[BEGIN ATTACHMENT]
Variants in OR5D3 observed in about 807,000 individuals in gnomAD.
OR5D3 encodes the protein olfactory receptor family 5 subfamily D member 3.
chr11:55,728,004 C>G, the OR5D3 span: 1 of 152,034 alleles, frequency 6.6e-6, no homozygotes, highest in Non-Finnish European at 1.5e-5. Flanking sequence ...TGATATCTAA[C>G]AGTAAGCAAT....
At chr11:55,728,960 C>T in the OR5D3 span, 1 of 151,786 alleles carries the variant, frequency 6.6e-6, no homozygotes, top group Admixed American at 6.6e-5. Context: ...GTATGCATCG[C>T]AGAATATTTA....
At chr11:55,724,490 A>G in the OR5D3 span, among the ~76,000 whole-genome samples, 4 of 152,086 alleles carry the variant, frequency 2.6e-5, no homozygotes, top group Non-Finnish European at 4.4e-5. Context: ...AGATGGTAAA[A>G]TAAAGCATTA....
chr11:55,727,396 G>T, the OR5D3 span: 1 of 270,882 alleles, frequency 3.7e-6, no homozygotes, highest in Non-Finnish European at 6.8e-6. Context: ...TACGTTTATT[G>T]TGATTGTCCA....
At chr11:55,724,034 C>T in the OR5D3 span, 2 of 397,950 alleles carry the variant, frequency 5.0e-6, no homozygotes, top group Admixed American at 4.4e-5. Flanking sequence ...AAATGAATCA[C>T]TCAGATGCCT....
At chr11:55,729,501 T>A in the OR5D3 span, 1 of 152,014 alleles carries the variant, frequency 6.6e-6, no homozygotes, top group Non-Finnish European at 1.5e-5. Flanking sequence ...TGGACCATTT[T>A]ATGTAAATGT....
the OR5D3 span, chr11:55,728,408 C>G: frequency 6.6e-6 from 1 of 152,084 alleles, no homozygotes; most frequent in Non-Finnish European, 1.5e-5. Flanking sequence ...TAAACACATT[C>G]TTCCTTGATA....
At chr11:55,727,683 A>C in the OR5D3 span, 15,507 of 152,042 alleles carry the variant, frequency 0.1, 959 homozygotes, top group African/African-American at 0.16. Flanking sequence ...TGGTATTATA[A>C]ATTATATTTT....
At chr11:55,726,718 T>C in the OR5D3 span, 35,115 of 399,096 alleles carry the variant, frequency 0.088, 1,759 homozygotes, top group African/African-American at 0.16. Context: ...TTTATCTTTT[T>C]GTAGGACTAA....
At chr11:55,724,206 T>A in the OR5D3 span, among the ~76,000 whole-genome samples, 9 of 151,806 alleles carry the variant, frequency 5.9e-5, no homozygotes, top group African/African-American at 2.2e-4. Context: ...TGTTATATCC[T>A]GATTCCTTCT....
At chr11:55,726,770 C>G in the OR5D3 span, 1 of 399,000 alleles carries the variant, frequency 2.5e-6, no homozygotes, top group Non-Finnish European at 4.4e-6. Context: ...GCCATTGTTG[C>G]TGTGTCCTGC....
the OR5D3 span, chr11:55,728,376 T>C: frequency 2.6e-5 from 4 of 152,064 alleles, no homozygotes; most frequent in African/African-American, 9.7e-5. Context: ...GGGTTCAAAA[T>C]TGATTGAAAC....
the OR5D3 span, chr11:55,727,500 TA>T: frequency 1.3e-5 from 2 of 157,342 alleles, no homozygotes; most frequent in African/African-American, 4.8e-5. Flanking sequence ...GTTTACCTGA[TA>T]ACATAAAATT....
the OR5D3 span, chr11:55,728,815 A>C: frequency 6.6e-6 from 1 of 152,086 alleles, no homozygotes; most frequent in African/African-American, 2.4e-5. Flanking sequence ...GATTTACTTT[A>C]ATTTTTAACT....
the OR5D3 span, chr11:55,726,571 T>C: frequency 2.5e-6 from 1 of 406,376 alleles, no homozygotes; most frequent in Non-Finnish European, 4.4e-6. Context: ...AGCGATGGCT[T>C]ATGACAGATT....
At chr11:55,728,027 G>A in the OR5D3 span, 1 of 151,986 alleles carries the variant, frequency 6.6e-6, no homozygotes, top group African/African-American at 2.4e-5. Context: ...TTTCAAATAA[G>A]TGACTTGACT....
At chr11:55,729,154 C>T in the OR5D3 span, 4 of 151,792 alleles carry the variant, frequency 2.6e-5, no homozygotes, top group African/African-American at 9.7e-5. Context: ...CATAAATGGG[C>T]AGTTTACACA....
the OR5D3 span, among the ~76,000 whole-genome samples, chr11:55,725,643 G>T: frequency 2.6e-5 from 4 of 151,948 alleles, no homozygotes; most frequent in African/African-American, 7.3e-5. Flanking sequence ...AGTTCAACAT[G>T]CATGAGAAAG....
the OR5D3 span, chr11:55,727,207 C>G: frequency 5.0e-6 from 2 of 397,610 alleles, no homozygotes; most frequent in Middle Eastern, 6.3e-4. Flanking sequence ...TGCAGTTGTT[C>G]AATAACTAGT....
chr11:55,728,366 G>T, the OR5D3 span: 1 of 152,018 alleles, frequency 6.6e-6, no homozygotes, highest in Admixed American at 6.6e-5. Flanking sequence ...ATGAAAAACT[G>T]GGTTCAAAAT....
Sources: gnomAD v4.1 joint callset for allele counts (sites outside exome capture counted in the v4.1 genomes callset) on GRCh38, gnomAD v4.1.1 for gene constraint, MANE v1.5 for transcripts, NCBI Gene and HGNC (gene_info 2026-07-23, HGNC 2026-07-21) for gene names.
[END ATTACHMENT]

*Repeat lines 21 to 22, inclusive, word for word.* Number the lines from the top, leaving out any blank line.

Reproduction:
the OR5D3 span, chr11:55,727,207 C>G: frequency 5.0e-6 from 2 of 397,610 alleles, no homozygotes; most frequent in Middle Eastern, 6.3e-4. Flanking sequence ...TGCAGTTGTT[C>G]AATAACTAGT....
chr11:55,728,366 G>T, the OR5D3 span: 1 of 152,018 alleles, frequency 6.6e-6, no homozygotes, highest in Admixed American at 6.6e-5. Flanking sequence ...ATGAAAAACT[G>T]GGTTCAAAAT....